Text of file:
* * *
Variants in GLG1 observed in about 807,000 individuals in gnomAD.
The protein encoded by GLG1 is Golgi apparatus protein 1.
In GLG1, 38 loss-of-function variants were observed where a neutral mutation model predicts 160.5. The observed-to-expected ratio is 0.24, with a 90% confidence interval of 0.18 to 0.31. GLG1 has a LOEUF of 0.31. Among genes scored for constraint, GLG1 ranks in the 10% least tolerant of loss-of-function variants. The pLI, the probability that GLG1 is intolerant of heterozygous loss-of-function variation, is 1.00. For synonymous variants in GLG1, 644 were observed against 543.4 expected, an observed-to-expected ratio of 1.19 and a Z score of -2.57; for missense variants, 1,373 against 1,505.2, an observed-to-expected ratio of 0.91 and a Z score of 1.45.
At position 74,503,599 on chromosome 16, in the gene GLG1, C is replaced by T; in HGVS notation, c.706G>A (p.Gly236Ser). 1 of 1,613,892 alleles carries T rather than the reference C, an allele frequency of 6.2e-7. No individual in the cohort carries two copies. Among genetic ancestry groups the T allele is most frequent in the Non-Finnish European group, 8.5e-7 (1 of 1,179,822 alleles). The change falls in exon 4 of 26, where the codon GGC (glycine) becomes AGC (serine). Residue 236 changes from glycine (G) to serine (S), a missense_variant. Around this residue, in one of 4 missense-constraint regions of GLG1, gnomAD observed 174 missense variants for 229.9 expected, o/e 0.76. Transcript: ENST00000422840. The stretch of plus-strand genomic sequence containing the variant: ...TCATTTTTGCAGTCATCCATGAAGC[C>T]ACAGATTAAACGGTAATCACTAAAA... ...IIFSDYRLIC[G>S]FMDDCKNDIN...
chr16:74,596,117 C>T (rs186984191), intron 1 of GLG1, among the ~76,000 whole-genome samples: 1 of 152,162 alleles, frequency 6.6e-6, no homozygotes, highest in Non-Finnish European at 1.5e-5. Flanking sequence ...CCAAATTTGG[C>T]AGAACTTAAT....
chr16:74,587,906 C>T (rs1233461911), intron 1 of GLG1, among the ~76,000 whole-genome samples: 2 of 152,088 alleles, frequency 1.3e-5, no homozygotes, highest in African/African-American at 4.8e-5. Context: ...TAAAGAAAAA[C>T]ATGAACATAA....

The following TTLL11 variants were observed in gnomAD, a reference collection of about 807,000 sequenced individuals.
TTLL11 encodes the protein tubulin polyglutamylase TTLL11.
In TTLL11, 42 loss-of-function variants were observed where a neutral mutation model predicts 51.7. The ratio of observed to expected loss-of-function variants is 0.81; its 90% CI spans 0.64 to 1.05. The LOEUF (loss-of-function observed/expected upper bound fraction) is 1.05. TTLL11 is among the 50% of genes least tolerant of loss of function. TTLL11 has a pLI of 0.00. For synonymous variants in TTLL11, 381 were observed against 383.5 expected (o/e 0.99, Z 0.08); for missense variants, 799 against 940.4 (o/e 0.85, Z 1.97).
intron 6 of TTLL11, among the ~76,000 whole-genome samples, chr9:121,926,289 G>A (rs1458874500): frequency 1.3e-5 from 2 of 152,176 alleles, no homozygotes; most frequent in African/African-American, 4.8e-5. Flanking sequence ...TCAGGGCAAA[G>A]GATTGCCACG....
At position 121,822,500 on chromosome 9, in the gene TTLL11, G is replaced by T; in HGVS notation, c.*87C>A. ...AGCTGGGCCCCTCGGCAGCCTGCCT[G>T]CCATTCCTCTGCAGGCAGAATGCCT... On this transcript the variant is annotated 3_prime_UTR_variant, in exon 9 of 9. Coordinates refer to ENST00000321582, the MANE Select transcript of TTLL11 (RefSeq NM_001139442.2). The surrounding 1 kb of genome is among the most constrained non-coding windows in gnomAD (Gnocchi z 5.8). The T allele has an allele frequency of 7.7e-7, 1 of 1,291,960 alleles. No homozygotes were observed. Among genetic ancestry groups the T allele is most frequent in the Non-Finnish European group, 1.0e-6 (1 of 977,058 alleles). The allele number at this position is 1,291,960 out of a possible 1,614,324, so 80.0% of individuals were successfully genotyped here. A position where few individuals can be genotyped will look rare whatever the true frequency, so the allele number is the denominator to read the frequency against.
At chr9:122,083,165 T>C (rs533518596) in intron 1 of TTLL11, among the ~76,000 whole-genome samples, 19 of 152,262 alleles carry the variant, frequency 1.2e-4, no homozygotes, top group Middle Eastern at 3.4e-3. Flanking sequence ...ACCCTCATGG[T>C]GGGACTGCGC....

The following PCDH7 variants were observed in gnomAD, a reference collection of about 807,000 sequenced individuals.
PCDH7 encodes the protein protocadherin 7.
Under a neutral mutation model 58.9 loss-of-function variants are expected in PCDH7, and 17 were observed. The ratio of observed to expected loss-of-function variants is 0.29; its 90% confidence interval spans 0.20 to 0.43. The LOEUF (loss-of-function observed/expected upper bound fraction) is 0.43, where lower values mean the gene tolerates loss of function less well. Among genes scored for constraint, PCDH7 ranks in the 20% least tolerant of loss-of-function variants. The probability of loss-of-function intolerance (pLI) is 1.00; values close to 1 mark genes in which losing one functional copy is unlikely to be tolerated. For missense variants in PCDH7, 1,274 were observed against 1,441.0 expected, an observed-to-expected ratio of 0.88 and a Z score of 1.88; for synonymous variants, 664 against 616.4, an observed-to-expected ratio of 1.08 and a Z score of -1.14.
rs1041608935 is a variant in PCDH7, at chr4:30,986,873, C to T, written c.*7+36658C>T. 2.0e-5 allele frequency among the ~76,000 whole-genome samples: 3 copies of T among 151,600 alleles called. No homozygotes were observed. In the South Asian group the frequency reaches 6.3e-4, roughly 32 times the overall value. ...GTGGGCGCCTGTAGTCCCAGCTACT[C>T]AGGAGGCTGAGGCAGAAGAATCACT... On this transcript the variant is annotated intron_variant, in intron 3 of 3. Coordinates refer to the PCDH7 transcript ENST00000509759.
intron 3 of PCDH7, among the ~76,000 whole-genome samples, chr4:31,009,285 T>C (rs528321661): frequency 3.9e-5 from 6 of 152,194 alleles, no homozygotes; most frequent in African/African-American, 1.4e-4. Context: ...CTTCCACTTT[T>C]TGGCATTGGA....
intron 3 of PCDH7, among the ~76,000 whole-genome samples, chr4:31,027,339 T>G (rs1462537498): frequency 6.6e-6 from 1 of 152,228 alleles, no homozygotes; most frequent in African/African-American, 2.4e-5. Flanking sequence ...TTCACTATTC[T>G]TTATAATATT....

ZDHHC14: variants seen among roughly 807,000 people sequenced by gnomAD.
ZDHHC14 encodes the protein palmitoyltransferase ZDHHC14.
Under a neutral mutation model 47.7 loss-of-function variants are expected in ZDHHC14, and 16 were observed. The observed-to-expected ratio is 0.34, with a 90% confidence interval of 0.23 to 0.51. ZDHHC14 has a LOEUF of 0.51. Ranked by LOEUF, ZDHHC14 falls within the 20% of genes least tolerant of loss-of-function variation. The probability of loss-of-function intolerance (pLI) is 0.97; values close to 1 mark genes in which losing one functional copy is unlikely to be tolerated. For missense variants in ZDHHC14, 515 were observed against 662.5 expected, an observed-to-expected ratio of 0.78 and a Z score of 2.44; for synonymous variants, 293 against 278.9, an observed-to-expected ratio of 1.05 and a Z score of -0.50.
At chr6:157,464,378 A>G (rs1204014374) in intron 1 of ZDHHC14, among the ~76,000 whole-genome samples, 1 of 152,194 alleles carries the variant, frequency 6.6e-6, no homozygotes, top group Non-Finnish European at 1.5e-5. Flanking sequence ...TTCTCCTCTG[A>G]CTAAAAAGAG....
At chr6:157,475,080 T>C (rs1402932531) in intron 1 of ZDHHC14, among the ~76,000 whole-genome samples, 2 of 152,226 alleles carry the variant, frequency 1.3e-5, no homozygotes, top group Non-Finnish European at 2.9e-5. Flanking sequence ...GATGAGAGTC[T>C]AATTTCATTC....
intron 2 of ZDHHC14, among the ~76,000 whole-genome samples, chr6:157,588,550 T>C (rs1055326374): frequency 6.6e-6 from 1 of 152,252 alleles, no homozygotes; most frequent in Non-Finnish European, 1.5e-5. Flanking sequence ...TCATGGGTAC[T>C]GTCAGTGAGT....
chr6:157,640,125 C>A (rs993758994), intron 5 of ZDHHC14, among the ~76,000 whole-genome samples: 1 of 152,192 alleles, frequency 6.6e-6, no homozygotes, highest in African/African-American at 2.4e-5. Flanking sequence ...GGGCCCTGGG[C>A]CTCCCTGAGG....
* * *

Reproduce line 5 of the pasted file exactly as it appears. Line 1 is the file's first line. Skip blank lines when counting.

chr16:74,596,117 C>T (rs186984191), intron 1 of GLG1, among the ~76,000 whole-genome samples: 1 of 152,162 alleles, frequency 6.6e-6, no homozygotes, highest in Non-Finnish European at 1.5e-5. Flanking sequence ...CCAAATTTGG[C>T]AGAACTTAAT....